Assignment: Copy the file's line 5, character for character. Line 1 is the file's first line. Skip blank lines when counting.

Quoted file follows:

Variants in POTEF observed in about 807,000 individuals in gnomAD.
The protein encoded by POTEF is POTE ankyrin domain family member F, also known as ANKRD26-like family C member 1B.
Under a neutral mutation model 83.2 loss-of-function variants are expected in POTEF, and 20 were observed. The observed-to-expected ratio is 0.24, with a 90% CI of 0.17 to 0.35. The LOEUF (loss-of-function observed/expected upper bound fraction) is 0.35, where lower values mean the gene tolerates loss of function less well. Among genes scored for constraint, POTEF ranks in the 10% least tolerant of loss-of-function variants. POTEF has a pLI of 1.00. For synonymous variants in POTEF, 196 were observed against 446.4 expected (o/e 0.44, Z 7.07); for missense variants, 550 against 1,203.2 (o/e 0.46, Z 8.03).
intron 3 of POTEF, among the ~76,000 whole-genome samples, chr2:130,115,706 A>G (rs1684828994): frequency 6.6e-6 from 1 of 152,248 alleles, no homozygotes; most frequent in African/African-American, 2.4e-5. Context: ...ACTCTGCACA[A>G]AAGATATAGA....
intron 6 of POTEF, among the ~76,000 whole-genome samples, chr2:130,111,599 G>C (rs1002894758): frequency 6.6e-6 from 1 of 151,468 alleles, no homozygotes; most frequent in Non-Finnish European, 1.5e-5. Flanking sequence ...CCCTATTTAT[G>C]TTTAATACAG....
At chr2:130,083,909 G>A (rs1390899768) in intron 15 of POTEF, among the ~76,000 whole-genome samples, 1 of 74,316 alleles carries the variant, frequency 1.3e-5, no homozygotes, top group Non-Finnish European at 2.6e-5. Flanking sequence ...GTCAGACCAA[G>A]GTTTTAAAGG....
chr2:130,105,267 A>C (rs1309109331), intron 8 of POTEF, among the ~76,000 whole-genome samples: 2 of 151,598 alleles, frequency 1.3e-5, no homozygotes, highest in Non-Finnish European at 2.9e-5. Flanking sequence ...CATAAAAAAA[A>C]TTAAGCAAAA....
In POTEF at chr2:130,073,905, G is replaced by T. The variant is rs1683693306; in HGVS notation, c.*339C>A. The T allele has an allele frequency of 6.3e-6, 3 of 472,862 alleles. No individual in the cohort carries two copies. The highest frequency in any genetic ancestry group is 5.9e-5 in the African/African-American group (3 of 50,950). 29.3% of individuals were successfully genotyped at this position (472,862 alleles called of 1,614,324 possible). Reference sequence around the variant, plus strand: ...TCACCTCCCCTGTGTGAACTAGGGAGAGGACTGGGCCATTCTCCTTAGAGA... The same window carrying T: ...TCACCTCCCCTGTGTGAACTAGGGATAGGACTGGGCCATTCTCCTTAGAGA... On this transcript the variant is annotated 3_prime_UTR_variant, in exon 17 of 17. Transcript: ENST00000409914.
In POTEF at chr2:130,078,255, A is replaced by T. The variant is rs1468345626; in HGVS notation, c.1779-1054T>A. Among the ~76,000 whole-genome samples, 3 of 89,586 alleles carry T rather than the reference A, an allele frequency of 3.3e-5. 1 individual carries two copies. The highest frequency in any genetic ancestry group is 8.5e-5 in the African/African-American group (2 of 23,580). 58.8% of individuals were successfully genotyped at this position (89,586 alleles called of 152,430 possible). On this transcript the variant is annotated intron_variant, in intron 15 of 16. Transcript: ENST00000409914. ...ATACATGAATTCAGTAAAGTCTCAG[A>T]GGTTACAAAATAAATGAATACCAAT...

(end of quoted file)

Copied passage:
intron 6 of POTEF, among the ~76,000 whole-genome samples, chr2:130,111,599 G>C (rs1002894758): frequency 6.6e-6 from 1 of 151,468 alleles, no homozygotes; most frequent in Non-Finnish European, 1.5e-5. Flanking sequence ...CCCTATTTAT[G>C]TTTAATACAG....